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Say I have the following two columns in the same table

Column 1
--------
1
2
3

Column 2
--------
4
5
6

How do I get a result which gives me:

Columns
--------
1
2
3
4
5
6

Edit

What I'm really looking for is to make sure there is not a more efficient way of typing a union query on multiple columns in the same table without having to repeat which table it is multiple times and repeating a where condition for each union multiple times.

The actual query looks more like this:

WITH T1 AS 
( SELECT [Col1] FROM [Table1] 
)
SELECT * FROM (
    SELECT [Cols1-100], COUNT(*) as "Count" FROM (

        SELECT [Col-1] FROM [Table2] AS [Cols1-100], [T1] 
        WHERE [Table2].[Col-1] = [T1].[Col-1] 
        AND [Col-1] != '2' AND [Col-2] != '2' ..... etc ..... AND [Col-100] != '2'
        UNION ALL

        SELECT [Col-2] FROM [Table2] AS [Cols1-100], [T1] 
        WHERE [Table2].[Col-1] = [T1].[Col-1] 
        AND [Col-1] != '2' AND [Col-2] != '2' ..... etc ..... AND [Col-100] != '2'
        UNION ALL

        ....................... etc
        ....................... etc
        ....................... etc
        .... etc

        SELECT [Col-100] FROM [Table2] AS [Cols1-100], [T1] 
        WHERE [Table2].[Col-1] = [T1].[Col-1] 
        AND [Col-1] != '2' AND [Col-2] != '2' ...... etc .... AND [Col-100] != '2'

    ) as [Temp1]
    GROUP BY [Cols1-100]    
) as [Temp2]

Using @Bohemian Outer Query I can do the following but testing the two query's, it seems a lot slower.

WITH T1 AS 
( SELECT [Col1] FROM [Table1] 
)
SELECT * FROM (
    SELECT [Cols1-100], COUNT(*) as "Count" FROM (
            SELECT * FROM (
                SELECT [Col-1] AS [Cols1-100], [Col-1], [Col-2], ..etc.. [Col-100] FROM [Table2] 
                UNION ALL
                SELECT [Col-2] AS [Cols1-100], [Col-1], [Col-2], ..etc.. [Col-100] FROM [Table2] 
                UNION ALL
                ....................... etc
                .... etc
                SELECT [Col-100] AS [Cols1-100], [Col-1], [Col-2], ..... etc ..... [Col-100] FROM [Table2] 
            ) AS SUBQUERY WHERE [Col-1] IN (SELECT [Col1] FROM [T1])
            AND [Col-1] != '2' AND [Col-2] != '2' ..... etc ..... AND [Col-100] != '2' 
        ) as [Temp1]
    GROUP BY [Cols1-100]    
) as [Temp2]
share|improve this question
1  
re your comment on another answer: There are (non-standard!) ways of unioning many columns like this that are more terse than UNION, but if you need to do this often, it's likely a sign of a poor database design. can you give some more information about the real problem you're trying to solve and maybe we can suggest a way to improve the fundamental design so that you don't need this "magic" non standard sql? – SingleNegationElimination Jan 5 '13 at 3:32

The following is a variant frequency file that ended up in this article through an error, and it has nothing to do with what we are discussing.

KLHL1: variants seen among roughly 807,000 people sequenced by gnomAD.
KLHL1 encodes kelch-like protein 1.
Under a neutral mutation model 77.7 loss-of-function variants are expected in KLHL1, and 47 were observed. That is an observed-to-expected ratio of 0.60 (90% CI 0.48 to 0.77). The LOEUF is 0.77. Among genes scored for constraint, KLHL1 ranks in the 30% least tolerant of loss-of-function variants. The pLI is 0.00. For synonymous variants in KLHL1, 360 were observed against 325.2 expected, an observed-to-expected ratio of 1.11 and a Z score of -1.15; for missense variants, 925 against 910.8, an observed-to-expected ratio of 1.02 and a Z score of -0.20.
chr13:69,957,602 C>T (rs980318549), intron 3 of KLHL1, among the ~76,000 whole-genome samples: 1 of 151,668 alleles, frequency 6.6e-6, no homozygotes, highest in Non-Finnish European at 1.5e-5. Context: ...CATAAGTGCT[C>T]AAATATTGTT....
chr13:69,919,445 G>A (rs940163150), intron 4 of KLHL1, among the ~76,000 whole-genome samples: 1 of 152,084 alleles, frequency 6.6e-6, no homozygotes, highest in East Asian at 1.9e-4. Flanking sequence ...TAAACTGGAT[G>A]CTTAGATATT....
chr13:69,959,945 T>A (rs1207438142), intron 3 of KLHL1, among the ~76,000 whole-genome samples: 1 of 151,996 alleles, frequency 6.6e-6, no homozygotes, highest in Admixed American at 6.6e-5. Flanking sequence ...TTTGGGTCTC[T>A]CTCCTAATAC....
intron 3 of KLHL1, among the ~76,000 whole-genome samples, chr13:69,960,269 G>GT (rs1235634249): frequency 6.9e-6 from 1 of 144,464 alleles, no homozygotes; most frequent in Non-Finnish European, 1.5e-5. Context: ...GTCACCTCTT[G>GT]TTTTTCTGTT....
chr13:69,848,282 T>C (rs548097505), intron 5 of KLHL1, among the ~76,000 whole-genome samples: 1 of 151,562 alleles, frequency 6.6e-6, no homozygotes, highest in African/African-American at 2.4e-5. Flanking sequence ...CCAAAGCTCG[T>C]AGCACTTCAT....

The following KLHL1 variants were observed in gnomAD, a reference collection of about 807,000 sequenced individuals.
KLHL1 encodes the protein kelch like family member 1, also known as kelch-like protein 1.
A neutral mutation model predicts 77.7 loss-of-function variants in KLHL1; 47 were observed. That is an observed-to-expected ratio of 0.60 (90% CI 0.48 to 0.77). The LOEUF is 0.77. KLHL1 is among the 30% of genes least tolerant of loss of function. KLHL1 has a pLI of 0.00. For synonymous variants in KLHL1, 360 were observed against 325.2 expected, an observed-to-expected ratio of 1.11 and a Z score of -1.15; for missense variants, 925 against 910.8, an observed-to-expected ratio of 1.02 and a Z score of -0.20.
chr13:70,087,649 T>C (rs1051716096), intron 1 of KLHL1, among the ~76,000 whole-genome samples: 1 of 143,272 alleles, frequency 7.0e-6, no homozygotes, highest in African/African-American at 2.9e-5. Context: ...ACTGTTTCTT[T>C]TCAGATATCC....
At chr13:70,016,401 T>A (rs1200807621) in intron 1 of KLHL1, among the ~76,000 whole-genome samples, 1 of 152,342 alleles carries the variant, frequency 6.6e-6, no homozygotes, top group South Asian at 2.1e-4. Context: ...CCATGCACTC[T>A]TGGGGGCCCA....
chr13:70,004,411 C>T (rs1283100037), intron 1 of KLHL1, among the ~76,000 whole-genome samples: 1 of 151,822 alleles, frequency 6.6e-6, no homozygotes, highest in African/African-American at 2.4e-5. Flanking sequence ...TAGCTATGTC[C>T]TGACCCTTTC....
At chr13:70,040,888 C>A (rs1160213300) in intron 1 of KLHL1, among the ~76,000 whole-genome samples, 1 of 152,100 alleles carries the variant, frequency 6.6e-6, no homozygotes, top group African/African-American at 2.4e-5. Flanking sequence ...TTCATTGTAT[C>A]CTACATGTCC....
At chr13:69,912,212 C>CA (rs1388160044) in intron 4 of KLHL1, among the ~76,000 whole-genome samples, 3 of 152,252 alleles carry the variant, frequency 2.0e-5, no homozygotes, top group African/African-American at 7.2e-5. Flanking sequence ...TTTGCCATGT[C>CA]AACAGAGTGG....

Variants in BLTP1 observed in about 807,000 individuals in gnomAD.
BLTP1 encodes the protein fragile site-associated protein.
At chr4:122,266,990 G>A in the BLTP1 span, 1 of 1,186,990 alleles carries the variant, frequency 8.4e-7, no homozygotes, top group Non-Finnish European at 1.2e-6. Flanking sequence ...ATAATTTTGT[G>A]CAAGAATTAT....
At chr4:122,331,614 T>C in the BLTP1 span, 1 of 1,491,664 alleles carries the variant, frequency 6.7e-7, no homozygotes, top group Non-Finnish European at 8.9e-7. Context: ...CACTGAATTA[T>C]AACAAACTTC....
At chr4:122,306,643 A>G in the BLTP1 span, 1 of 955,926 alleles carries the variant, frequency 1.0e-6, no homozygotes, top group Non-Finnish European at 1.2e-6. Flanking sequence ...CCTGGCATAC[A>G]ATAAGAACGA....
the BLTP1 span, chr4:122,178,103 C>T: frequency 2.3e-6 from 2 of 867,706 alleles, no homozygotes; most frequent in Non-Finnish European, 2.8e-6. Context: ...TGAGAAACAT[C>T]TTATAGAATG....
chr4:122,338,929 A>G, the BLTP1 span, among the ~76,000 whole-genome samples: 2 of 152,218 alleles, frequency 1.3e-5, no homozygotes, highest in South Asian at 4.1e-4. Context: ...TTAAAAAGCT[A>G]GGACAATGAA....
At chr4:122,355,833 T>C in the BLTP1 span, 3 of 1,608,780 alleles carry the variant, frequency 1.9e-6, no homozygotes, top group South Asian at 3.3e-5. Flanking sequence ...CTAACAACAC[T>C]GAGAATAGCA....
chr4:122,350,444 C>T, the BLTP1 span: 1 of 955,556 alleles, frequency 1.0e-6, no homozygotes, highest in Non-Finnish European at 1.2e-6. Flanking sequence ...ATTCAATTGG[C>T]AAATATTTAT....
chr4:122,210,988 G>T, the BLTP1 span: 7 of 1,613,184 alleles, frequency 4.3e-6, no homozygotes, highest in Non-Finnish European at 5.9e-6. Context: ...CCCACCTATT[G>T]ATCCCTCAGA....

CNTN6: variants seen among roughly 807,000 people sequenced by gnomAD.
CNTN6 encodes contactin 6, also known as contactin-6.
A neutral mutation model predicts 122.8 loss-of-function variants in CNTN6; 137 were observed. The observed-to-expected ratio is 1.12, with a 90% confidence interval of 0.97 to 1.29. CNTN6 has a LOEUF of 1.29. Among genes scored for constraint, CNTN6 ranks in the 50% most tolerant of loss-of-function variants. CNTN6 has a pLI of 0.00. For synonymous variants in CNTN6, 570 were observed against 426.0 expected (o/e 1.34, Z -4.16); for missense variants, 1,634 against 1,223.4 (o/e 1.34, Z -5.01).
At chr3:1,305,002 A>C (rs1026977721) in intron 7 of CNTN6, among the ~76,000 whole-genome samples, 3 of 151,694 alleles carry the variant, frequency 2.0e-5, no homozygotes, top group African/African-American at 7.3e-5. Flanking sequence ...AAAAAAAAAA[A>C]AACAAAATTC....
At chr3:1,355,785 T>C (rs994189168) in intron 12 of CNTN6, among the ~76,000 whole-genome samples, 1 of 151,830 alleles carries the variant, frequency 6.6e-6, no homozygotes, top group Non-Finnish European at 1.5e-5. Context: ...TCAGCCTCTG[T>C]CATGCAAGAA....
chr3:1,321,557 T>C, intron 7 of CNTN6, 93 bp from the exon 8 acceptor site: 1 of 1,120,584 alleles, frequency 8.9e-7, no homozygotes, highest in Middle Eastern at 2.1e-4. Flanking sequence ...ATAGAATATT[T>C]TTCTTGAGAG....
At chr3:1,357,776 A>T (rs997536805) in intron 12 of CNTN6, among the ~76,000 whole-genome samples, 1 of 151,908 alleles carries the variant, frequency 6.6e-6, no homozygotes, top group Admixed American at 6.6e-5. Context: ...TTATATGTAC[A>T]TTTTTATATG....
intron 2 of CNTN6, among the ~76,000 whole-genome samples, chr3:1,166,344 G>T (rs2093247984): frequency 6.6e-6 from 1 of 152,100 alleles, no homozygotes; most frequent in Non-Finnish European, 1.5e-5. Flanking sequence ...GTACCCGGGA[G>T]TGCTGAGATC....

select column1 as columns from mytable
union
select column2 from mytable

Using union removes duplicates (and on some databases also sorts).
If you want to preserve duplicates, use union all:

select column1 as columns from mytable
union all
select column2 from mytable

Edit:

To add a where clause, the easy but inefficient execution way is to add it as an outer query:

select * from (
    select column1 as columns from mytable
    union
    select column2 from mytable ) x
where columns ...

The more efficient execution way, but a painfully long query, is to put it on each subquery:

select column1 as columns from mytable
where ....
union
select column2 from mytable
where ...
share|improve this answer
    
What if I wanted to union 100 columns and have a where clause, would I have to type select column1 as columns from mytable where ... union all select column2 from mytable where ... union all select column3 from mytable where ... ..... ..... ..... union all select column100 from mytable where ... Is there not a faster way of typing this such as: select union all column1, column3, column4, column5, column6 as columns from mytable where .... – edezzie Jan 5 '13 at 3:12
    
@edezzie- You would need 100 selects with 99 unions connecting them to combine 100 columns as you say. – Chris Smith Jan 5 '13 at 4:52
    
@Bohemian- union doesn't necessarily sort. It just combines the sets and removes duplicates. If you need sorting, use order by. The database engine MAY use sorting to remove duplicates, or it could use a hashtable (arbitrary ordering) or something else. – Chris Smith Jan 5 '13 at 4:54
1  
@Bohemian - YMMV but I see MS SQL Server use hash unions all the time, especially if the datasets are large. – Chris Smith Jan 5 '13 at 18:27
1  
@ChrisSmith OK cool - I haven't worked with MSSQL. Handy to know. thanks. I've edited the answer accordingly – Bohemian Jan 5 '13 at 19:49

If you don't want to use union because you would have to repeat the same where clause multiple times, there is a [very bad] work around for that:

select decode(j.col, 1, column1, 2, column2)
from table t
join (select 1 as col from dual union select 2 from dual) j
 on 1 = 1
where (your where clause)

This example is from oracle, on SQLServer you wouldn't need the "from dual"

Also, if you have a LOT of columns to join (shouldn't happen, really) you could use a hierarchical query inside the "join" to avoid a ton of "unions"

share|improve this answer

Have you tried UNPIVOT? It depends on your version of SQL Server, but the following example will work on SQL 2008:

DECLARE @t TABLE (Col1 INT, col2 INT, col3 INT)
INSERT INTO @t
        ( Col1, col2, col3 )
VALUES  ( 1, -- Col1 - int
          2, -- col2 - int
          3  -- col3 - int
          ),
          ( 4, -- Col1 - int
          5, -- col2 - int
          6  -- col3 - int
          )


 SELECT  cols
 FROM (SELECT col1, col2, col3 FROM @t) pvt
 UNPIVOT
 (Cols FOR ID IN (col1, col2, col3))  unpvt     
 WHERE cols <> 2
share|improve this answer

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